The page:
There has been a recent explosion of interest in the effectiveness of education systems around the world, largely driven by international studies that compare the performance of large samples of students from a wide range of countries.
Such comparisons made in these studies such as the Organisation for Economic Co-operation and Development’s Programme for International Student Assessment (PISA) or other international reading and maths tests, have become a key factor in educational policymaking across the world.
Of course, how well children perform in maths and reading tests is not the only important aspect of an education system. In a resource-constrained environment, the costs of a good education cannot be ignored. In that sense, a new report by GEMS Education Solutions, the London-based consultancy wing of Dubai-based company GEMS Education which runs schools around the world, is certainly likely to spark debate around both the efficiency and effectiveness of education systems. But such a ranking is very problematic.
The authors of the Efficiency Index have used scores on the PISA tests and related these to (financial) inputs into the education system, of which they find two – teacher salaries and class size – to be significant.
The index is therefore a measure of how good a country’s pupils score on the PISA test, given how much (or little) a country spends on its teachers. Using these variables, the authors calculate an index for each of the 30 countries they studied, and rank them according to the efficiency index.
Finland, Korea, the Czech Republic, Hungary and Japan do particularly well, and the UK ends up in the top half of the table.
The misuse of league tables
So far, so acceptable, as a starting point for debate. But there are a range of problems with how the data is presented. The authors make three tempting but serious errors that bedevil a lot of the writing on PISA. The first is “league table-itis”. The authors rank countries in an efficiency league table, and there is little doubt that this is one of the main things readers and the press will pick up on.
But there are problems with the rankings. Like all tests, PISA (though technically very well designed) is not perfect. The test score contains what is known as “measurement error”, and so do estimates of things like pupil and teacher ratios.
This means that every point score, like the efficiency index scores, come with a margin of error. As a result, small and even medium-sized differences between countries in rankings like this one are unreliable. In the Efficiency Index, for example, the UK is ranked 11, and France 12. The difference between the two countries is 0.02 on the ranking – this is essentially meaningless. We can possibly distinguish groups of countries, but we can’t actually accurately rank them from one to 30 as is done here (and, to be fair, in many league tables like it).
Not comparing like with like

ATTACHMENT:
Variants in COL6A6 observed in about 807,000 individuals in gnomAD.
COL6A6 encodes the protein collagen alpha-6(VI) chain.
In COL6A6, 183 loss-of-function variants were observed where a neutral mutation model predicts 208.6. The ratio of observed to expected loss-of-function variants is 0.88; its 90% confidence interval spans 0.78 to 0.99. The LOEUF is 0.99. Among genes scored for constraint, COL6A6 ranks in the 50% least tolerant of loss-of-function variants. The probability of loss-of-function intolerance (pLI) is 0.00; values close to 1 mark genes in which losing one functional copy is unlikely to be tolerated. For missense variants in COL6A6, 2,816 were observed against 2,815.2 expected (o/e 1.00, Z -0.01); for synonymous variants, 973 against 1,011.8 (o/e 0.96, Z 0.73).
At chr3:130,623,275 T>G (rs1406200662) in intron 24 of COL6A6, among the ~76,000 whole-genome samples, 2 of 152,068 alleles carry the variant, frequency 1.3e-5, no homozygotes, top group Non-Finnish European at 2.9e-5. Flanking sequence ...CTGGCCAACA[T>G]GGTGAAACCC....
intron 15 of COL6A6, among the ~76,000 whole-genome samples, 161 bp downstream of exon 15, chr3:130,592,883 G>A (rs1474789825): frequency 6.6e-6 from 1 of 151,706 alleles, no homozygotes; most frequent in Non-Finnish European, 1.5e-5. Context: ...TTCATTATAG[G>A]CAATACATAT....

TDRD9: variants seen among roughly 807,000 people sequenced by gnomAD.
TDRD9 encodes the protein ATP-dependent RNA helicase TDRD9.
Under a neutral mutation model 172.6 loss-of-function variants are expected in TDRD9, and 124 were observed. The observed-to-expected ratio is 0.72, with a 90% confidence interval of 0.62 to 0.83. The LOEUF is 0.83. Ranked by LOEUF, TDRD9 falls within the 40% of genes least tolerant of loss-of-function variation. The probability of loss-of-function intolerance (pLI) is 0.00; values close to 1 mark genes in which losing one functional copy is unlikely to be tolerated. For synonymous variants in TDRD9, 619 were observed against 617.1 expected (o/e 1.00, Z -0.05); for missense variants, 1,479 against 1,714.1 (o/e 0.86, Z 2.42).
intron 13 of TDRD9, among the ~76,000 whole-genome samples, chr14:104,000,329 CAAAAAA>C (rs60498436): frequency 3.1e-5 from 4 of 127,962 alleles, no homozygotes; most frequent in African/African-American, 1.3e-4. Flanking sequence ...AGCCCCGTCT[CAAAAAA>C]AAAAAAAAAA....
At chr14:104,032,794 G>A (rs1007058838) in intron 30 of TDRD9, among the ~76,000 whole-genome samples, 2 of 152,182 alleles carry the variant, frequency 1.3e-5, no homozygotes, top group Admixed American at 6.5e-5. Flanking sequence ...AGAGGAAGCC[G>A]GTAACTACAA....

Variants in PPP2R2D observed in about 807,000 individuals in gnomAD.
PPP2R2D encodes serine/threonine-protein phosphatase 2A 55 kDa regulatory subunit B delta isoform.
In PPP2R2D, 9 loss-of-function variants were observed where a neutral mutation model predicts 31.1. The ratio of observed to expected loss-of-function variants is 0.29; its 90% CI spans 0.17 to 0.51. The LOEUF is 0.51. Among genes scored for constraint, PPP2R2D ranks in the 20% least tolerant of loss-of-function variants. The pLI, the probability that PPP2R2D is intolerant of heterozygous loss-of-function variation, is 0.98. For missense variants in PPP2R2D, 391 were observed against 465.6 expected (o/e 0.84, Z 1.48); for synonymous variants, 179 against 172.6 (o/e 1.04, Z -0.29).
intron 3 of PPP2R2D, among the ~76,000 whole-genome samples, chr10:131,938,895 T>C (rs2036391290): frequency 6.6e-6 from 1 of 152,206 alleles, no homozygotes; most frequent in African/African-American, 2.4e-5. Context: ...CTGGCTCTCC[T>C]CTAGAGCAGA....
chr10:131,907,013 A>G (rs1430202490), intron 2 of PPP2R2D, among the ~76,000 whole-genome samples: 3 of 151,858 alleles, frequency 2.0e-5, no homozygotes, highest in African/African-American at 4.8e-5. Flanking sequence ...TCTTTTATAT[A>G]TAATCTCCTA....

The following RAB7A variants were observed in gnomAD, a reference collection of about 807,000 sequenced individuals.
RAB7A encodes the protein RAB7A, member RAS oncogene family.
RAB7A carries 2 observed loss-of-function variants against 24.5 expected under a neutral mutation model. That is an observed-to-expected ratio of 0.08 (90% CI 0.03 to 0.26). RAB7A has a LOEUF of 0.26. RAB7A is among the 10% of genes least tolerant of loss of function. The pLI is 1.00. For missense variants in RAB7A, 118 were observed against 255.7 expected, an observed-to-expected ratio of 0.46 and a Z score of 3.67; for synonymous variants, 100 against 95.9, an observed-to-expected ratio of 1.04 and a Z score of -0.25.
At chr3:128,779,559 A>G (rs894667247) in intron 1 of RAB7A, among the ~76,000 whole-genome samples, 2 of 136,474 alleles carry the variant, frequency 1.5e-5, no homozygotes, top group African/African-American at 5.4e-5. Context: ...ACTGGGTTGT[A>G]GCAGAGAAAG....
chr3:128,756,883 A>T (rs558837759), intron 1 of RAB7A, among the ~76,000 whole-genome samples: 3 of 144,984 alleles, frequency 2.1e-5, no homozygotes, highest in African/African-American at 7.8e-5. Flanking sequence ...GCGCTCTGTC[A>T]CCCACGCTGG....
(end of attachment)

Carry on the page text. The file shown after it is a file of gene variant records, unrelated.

The second issue is that of comparing like with like. Of course, countries as varied as Brazil and Finland differ on many factors other than their spending on teachers. So we have to be very careful when we compare them.
The authors of the report acknowledge that this is an issue, and write, for example, that cultural differences which may be important could not be accounted for in the data. But then they nevertheless continue to make comparisons as if in fact only the two things they are looking at (class size and salaries) matter.
For example, that Finland is able to attract high quality teachers at relatively low salaries may well have something to do with the esteem in which the profession is held, which may make this model hard to replicate in countries where this is not the case.
Cause, effect and educational policy
The third, and most problematic, error is the way the report plays fast and loose with causal attribution. As is well known, the fact that two things are correlated with one another doesn’t mean one causes the other. Again, the authors acknowledge this problem, but then proceed to ignore it.
This is done most egregiously in the tables in which the authors show what countries should do to reach the same level of efficiency as Finland. In the case of the UK, this means either reducing teacher salaries by 10%, or increasing class sizes by 24%. Other countries, such as Chile or Indonesia for example, would need to reduce class sizes by over 90% to reach Finland’s level or increase teacher salaries by over 200%.
This simplistic conclusion, based on a rather limited set of analyses, seems a particularly dangerous policy recommendation if we want to attract high quality people to the profession.
Efficiency in education is important, and is something both those making policy and researchers should pay more heed to. There is therefore room for high-quality research on this topic. Unfortunately, this isn’t it.